There are many ways of looking at the uniqueness of the war that the United States fought in Afghanistan through the past 11-year period.
It was a war without an enemy and was ‘politics by other means’; it started with a bang and is ending in a whimper. It began as a war that America (and the world) applauded and is ending as one in which the world lost interest.
Clearly, it is an unwinnable war where victory cannot be measured on the battlefield but lies in winning the hearts of men. Besides, it has come to be a strange war where success is being measured in terms of baiting the elusive adversary to come out and reclaim the trophy.
And, most important, it is the longest war in American history. If one were to take the long wars journal — Iraq, Gulf War, Vietnam, Korea, World War II, World War I and the Spanish-American War — Afghanistan outstrips them all.
By the time the war formally ends in end-2014, as projected currently, it would have been a 13-year old war. The next longest was the US’ Iraq war which lasted just short of nine years.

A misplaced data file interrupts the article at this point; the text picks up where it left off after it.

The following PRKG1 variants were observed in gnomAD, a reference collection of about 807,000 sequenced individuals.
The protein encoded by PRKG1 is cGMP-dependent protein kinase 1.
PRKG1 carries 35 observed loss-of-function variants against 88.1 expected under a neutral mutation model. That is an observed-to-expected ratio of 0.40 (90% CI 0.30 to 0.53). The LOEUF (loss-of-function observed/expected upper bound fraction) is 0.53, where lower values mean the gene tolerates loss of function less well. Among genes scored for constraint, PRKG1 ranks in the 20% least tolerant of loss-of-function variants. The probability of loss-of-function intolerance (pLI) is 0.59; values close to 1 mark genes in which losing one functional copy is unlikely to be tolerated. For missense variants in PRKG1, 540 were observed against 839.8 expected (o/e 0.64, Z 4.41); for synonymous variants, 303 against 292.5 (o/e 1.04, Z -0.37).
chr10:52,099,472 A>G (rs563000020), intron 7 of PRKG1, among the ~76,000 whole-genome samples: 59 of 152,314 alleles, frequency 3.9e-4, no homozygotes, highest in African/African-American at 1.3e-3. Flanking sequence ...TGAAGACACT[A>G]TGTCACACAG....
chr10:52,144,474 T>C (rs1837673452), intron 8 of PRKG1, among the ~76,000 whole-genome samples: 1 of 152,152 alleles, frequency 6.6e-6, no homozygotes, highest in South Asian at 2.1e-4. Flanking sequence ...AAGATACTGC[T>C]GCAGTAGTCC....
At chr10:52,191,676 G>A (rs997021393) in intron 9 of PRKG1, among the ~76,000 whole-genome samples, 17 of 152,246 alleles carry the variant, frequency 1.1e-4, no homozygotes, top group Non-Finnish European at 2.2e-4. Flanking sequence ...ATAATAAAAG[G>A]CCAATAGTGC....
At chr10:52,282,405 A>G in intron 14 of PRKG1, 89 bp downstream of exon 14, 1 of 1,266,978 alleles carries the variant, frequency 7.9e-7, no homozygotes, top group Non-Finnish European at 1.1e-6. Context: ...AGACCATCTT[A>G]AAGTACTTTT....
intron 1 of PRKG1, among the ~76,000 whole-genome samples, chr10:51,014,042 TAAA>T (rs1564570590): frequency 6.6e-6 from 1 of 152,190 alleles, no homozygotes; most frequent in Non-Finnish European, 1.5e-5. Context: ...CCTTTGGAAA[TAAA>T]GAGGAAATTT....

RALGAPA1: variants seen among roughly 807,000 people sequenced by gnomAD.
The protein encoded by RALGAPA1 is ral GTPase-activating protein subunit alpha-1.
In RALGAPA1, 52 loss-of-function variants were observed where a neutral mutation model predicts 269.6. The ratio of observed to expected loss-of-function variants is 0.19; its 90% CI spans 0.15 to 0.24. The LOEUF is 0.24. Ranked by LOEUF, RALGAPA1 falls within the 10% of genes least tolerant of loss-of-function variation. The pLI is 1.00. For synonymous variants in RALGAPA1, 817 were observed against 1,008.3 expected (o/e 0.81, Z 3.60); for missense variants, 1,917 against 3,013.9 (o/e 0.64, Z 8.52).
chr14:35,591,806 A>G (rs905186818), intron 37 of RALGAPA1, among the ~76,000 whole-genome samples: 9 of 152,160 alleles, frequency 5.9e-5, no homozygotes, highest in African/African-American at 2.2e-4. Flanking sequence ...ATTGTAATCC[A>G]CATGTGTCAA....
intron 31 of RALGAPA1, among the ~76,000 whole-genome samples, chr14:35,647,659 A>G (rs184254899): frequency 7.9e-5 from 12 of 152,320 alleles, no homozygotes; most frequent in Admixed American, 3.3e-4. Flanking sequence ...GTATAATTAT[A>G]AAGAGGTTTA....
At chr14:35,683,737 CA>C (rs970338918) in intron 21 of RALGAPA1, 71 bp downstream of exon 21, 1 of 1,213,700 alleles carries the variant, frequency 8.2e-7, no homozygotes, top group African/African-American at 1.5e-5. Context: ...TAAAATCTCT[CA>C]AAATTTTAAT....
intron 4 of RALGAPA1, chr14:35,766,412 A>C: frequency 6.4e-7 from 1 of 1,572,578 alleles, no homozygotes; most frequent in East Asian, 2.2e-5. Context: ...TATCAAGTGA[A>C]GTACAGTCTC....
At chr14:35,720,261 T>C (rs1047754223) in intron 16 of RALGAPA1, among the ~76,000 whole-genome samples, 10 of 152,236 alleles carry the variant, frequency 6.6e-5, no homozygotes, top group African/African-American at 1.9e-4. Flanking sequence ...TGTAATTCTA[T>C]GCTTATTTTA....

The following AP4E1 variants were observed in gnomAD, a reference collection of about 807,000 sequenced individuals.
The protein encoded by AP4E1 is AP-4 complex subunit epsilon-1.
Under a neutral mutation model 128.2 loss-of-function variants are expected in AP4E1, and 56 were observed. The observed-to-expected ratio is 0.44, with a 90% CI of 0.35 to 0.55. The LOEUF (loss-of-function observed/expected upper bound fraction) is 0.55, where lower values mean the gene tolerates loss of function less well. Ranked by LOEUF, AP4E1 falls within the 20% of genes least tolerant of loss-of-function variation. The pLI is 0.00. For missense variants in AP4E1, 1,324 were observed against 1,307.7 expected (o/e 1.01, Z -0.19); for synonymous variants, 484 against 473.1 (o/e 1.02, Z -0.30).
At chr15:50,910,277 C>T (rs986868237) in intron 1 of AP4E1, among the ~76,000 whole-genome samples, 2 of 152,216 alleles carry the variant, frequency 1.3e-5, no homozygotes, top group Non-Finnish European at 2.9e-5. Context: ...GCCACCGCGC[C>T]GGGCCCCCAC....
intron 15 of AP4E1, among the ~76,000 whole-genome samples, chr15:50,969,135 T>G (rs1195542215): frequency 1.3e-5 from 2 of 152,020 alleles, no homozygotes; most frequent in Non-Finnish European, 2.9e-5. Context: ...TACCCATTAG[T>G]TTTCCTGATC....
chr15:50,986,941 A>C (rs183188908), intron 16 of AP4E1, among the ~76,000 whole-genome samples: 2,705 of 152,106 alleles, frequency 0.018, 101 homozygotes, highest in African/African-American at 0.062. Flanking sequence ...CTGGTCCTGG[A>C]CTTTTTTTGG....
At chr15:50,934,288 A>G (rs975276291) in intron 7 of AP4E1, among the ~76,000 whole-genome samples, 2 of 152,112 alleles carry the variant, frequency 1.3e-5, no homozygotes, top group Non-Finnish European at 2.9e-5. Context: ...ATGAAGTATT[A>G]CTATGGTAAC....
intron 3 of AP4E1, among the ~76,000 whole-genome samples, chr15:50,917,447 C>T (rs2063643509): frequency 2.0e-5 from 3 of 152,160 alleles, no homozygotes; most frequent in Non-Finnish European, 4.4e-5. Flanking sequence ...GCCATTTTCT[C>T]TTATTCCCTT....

But unlike Iraq, Afghan war wasn’t too pricey — America spent only half-a-trillion dollars on it. According to the estimation by the Nobel Laureate Joseph Stiglitz, Iraq war cost 3 trillion US dollars.
That’s because Afghan war took long siestas or lingered in the shade, lost in reverie, giving way to the killing fields in Mesopotamia.
Yet, it will cost American economy dearly. For the upkeep of every soldier President Barack Obama decides to station in the new military bases in Afghanistan beyond 2014, US taxpayer will pay upward of a million dollar per year.
Indeed, the Great Game costs money in the era of globalization. The excursions that Captain Arthur Conolly and Colonel Charles Stoddart took in Central Asia for the British Empire in the middle of the nineteenth century were dirt cheap. The plucky Englishmen needed just a hardy horse to ride and a coolie from Calcutta to carry their spartan kit.
The best part of the Afghan war, however, has been that far fewer Americans laid their lives (over 2000) in the Hindu Kush in comparison with the other great wars in US history. But then, look at it this way: Isn’t it a single death that is a tragedy, while a million deaths becomes a mere statistic? Read the Salon article here